Alison Sudol finds comfort in the woods. The singer-songwriter and leader of the band A Fine Frenzy grew up mostly in Los Angeles and Burbank, and even there she's often found herself gravitating toward a convenient corner of nature. On a recent afternoon, it was a picnic table along the pathways of Griffith Park, where she noticed something moving under a tree.
“What is that? Is that a squirrel?” Sudol, 27, said affectionately, peering into the shadows. “That is the biggest squirrel tail I have ever seen.”
Nature and nurturing is a recurrent theme in her music, going back to her 2007 debut, “One Cell in the Sea,” which mixed stories of romantic disappointment with wildlife as a metaphor. Her new album, “Pines” is a mature, deeper version of that, with songs that are expansive and emotional, mixing the organic with the post-modern.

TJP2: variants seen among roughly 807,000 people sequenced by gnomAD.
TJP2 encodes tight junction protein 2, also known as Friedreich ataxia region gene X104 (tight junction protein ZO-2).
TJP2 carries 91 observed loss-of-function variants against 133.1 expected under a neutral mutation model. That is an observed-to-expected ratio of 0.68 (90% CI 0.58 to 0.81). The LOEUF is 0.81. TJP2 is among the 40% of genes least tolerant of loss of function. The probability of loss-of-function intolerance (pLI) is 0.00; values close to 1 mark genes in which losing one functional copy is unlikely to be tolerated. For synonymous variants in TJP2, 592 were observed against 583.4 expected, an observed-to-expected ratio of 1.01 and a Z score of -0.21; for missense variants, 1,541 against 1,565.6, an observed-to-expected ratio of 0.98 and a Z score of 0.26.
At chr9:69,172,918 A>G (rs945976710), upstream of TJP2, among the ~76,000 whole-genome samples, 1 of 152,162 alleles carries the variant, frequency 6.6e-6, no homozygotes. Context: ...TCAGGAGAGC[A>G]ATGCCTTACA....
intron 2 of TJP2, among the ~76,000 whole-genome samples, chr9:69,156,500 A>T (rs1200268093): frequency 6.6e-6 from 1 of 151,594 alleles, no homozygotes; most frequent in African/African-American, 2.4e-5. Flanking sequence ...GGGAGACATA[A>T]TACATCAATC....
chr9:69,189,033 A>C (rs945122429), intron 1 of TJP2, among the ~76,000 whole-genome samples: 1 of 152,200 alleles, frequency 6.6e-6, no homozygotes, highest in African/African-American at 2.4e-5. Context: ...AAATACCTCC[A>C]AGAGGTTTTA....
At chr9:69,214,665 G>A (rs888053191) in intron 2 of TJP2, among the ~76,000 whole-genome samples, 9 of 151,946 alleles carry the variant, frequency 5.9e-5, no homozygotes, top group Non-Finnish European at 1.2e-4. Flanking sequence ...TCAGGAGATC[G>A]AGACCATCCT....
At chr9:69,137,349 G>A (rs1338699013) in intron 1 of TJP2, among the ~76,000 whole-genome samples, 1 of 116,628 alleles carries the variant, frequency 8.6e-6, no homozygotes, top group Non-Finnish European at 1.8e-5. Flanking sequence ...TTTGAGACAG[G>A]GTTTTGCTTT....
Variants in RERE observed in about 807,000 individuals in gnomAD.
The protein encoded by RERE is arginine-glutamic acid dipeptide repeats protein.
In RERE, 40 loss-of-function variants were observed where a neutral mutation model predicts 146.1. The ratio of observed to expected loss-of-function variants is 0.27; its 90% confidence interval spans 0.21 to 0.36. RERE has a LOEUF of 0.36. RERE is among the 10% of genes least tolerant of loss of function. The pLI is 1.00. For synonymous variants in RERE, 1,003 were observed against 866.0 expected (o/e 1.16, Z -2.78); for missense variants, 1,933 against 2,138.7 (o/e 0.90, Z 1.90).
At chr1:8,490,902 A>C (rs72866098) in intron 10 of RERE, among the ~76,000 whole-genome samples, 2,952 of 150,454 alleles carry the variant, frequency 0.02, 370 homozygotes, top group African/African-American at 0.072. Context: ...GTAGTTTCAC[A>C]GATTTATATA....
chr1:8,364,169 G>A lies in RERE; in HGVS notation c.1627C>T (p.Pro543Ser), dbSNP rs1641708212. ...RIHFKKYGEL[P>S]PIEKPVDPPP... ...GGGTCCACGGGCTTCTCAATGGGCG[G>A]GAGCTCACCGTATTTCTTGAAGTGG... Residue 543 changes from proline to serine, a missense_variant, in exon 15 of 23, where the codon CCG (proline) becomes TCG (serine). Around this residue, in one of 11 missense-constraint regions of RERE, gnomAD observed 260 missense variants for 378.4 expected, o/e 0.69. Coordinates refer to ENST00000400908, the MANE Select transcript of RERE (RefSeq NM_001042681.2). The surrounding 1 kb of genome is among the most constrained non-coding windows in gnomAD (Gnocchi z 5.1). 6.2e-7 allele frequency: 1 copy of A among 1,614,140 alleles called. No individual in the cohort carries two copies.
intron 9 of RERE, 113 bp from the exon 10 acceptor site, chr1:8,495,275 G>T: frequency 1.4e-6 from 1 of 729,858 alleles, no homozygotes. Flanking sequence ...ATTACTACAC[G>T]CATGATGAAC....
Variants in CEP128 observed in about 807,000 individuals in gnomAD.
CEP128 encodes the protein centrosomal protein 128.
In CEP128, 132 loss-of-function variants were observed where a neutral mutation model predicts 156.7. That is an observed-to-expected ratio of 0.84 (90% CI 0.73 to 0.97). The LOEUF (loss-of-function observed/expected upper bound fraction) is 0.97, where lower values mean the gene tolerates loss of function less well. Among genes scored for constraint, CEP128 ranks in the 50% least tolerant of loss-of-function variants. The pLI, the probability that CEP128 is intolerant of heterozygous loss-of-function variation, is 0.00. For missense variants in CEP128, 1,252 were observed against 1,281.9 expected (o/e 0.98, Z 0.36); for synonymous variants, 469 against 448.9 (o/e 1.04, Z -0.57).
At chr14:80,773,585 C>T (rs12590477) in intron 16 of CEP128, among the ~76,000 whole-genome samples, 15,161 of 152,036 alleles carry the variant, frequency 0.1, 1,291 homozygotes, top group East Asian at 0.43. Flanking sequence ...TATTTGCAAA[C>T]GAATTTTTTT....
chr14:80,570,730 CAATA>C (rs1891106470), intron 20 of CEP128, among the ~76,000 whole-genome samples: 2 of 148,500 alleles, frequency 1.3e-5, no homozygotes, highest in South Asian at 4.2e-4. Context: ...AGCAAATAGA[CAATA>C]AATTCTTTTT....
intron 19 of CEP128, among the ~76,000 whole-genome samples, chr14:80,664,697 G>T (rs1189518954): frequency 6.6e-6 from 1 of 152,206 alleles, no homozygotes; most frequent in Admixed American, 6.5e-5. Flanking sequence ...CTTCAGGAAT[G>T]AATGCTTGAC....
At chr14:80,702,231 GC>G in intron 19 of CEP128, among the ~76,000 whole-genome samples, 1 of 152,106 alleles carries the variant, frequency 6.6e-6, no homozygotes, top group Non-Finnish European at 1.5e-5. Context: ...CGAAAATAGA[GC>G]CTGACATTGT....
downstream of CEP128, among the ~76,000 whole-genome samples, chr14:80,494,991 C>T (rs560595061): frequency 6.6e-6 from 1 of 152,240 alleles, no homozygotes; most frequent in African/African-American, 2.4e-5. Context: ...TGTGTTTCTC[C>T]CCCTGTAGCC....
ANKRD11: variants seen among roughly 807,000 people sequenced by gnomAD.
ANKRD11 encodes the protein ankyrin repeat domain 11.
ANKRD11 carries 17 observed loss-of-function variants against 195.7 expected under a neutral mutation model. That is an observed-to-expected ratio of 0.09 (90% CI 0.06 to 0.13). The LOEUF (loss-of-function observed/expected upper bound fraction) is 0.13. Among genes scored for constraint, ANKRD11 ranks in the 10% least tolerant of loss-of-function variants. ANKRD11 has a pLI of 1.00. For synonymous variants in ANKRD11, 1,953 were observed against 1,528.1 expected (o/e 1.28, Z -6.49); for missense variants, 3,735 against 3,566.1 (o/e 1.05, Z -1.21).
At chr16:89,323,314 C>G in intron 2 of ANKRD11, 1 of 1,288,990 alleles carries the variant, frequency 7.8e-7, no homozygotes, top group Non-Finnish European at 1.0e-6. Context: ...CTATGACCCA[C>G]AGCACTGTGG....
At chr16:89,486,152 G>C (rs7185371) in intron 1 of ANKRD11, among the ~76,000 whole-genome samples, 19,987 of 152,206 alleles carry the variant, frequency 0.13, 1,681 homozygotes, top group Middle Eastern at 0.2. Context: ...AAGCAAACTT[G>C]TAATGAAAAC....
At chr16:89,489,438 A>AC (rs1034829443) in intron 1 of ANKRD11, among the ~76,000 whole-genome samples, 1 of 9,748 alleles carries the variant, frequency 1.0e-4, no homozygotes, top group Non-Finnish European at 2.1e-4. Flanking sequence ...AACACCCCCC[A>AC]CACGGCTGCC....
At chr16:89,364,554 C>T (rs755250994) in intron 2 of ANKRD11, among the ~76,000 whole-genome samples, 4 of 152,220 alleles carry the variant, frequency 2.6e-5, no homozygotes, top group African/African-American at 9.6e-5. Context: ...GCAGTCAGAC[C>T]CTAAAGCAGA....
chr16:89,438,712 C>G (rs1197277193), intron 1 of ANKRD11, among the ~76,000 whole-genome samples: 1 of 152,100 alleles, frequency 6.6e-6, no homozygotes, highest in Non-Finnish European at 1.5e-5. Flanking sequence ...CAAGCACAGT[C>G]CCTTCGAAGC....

The new album's seven-minute opening track, “Pine Song,” connects human passion with her awe of nature, singing of “pining” for a lover as the music swells from a quiet vibration of strings to a cinematic swirl of acoustic guitar, piano and whispers of sound. Sudol's voice is soft and dramatic: “The words you speak / Stir things in me I thought were gone . . . I can feel it through the fields of graves / A beating heart / While rolling hills are roaming through my veins.”